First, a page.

Usage of a trademark in the relevant industry is an important factor to determine whether the term would be found to be generic.
In a non-precedential decision, the Board found that DENTAL EMPORIUM is not generic for online retail services offering dental supplies. The Board recognized that the Examiner did not meet the Office’s burden of proving by clear evidence that the relevant public would perceive the term EMPORIUM of the trademark to be generic. The Board pointed out that the Examiner did not put forth any evidence showing that the term EMPORIUM is commonly used in the dental field. The Board found that the Examiner’s dictionary definition references for each term, namely, DENTAL and EMPORIUM, did not satisfy the clear evidence standard to find the mark to be generic for the applied for services.
This decision highlights a factor that appears to be one of usage of a term to deem it generic as one way to determine what the relevant public understands a term to mean.
The Board, however, did find DENTAL EMPORIUM to be “highly descriptive” and thus rejected Applicant’s 2(f) affidavit of over 5 years of continuous use. The Board noted cases where 10 years of continuous use was not enough to show that a highly descriptive tradeemark had acquired distinctiveness. Instead, the Board found that the Applicant would have to show more evidence that the trademark had acquired distinctiveness such as widespread advertising teaching the relevant public that the trademark is a distinctive source identifier.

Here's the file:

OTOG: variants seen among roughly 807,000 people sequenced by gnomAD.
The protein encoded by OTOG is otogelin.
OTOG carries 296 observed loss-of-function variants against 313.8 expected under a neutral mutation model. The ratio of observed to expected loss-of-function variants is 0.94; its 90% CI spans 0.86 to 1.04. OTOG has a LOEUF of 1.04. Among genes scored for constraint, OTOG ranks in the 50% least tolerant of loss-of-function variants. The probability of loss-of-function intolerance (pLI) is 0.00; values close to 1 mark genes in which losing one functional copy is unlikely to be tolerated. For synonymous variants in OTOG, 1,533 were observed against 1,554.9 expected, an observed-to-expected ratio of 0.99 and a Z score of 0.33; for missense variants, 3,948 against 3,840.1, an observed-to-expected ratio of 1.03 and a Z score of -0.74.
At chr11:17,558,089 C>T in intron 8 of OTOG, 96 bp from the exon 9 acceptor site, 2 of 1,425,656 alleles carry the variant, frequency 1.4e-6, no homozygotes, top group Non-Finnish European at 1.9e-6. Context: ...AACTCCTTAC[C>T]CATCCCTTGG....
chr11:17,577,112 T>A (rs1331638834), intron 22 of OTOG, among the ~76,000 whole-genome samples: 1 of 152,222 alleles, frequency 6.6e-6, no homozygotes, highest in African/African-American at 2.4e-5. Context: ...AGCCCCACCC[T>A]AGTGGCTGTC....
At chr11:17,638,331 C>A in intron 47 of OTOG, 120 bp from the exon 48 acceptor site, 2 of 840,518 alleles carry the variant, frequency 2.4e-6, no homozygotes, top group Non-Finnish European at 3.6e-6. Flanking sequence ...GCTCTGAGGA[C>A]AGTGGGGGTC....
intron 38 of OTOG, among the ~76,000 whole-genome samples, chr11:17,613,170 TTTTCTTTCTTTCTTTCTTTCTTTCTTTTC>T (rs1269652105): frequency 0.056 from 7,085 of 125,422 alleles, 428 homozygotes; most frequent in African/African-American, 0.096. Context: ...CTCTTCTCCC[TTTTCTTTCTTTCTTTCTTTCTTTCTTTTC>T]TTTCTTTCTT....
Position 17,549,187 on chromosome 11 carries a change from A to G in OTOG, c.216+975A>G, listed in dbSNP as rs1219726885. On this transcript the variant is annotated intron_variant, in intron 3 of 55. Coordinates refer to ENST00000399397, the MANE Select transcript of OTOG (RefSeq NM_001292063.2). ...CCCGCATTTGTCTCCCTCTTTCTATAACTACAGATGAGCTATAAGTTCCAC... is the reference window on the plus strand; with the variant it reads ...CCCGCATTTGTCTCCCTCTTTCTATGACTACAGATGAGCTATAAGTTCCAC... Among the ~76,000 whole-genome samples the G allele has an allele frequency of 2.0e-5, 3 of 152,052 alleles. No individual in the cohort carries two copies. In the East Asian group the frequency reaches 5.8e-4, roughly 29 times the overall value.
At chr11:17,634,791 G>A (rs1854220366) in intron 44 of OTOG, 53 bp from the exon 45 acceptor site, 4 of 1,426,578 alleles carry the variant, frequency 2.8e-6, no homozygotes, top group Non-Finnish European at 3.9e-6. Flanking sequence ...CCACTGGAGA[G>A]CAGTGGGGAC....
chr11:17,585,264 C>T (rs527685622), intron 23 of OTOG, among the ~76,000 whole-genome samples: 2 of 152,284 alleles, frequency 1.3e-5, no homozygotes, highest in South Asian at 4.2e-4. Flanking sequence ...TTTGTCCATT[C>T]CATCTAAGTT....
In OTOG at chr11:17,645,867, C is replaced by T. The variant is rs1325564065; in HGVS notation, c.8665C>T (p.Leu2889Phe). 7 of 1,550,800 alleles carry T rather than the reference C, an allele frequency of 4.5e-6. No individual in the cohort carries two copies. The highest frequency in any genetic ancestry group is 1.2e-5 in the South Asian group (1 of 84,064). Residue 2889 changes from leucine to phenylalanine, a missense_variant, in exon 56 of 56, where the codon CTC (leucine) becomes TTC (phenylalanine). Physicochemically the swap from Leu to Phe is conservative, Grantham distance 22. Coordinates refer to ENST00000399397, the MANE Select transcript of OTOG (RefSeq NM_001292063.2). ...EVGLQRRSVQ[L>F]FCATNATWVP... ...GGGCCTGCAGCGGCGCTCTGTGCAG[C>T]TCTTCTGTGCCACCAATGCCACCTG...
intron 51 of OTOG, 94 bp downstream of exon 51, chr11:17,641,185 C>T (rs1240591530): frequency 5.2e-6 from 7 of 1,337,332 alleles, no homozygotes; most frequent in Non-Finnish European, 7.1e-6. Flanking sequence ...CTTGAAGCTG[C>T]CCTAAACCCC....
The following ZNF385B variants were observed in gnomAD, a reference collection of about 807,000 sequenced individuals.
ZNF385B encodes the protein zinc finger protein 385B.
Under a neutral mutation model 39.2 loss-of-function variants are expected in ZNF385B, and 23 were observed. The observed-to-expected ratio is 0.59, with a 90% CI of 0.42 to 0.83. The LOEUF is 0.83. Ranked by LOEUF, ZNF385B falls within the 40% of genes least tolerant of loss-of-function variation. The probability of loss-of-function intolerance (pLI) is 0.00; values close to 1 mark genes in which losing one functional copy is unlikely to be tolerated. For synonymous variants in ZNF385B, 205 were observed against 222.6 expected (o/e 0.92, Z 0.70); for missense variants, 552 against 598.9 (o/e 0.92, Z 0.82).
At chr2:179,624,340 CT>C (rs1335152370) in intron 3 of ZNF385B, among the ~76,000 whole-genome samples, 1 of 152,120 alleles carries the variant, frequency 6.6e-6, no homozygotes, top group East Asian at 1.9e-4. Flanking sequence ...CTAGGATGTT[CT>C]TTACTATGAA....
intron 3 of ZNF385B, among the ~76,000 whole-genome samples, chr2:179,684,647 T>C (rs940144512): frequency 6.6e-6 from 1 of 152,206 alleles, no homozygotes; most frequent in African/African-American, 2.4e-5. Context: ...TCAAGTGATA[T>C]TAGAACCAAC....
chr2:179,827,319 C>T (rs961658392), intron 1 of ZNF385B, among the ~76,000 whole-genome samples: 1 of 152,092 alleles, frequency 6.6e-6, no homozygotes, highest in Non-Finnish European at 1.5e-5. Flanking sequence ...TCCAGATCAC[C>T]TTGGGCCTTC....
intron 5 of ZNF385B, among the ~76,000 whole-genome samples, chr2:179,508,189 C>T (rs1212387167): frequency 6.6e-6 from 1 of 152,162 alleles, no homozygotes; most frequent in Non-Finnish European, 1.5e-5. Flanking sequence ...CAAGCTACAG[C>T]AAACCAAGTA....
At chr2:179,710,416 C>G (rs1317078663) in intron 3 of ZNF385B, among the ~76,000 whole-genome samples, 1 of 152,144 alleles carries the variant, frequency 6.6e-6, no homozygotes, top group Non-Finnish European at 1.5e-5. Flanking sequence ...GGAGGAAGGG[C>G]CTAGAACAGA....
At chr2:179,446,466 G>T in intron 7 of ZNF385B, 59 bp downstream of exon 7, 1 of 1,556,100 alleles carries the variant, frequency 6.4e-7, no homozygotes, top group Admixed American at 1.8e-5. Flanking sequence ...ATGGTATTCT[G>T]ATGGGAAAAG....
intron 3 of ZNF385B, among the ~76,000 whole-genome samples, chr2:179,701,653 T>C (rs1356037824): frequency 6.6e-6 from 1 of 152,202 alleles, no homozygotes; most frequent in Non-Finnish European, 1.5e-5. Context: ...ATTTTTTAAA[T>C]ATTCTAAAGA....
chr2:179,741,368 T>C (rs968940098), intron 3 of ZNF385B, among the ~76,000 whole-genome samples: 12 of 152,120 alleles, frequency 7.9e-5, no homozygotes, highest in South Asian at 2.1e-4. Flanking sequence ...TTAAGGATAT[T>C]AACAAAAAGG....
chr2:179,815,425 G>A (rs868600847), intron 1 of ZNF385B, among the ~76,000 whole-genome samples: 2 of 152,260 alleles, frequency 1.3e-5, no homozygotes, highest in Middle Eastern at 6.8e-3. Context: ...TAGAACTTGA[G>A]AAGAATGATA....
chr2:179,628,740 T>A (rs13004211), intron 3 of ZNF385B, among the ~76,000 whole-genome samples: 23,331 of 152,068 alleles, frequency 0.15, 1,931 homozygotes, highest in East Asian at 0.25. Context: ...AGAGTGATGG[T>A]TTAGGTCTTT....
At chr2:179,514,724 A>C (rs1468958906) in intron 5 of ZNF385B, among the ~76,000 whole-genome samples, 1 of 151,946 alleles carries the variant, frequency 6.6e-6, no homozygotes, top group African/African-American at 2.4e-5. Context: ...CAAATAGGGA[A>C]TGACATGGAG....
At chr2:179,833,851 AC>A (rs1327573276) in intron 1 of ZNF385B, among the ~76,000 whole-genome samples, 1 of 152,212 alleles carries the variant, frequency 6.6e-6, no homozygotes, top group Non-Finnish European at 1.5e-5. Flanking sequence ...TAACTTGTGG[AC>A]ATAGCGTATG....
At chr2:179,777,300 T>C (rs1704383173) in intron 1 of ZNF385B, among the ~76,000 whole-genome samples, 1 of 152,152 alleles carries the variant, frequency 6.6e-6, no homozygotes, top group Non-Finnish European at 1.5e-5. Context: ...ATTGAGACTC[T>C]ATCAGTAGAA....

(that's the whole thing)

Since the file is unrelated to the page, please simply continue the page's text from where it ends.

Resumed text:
An important teaching point in this decision is that the Board did not provide the Applicant with an opportunity to amend the mark to the Supplemental Register since the Applicant did not plead it as an option for the Board to consider. The Applicant will likely have to file a new trademark application on the Supplemental Register and rely on a non-precedential decision during the prosecution.
Practice Tip: Always plead in the alternative to allow amending the application to the Supplemental Register.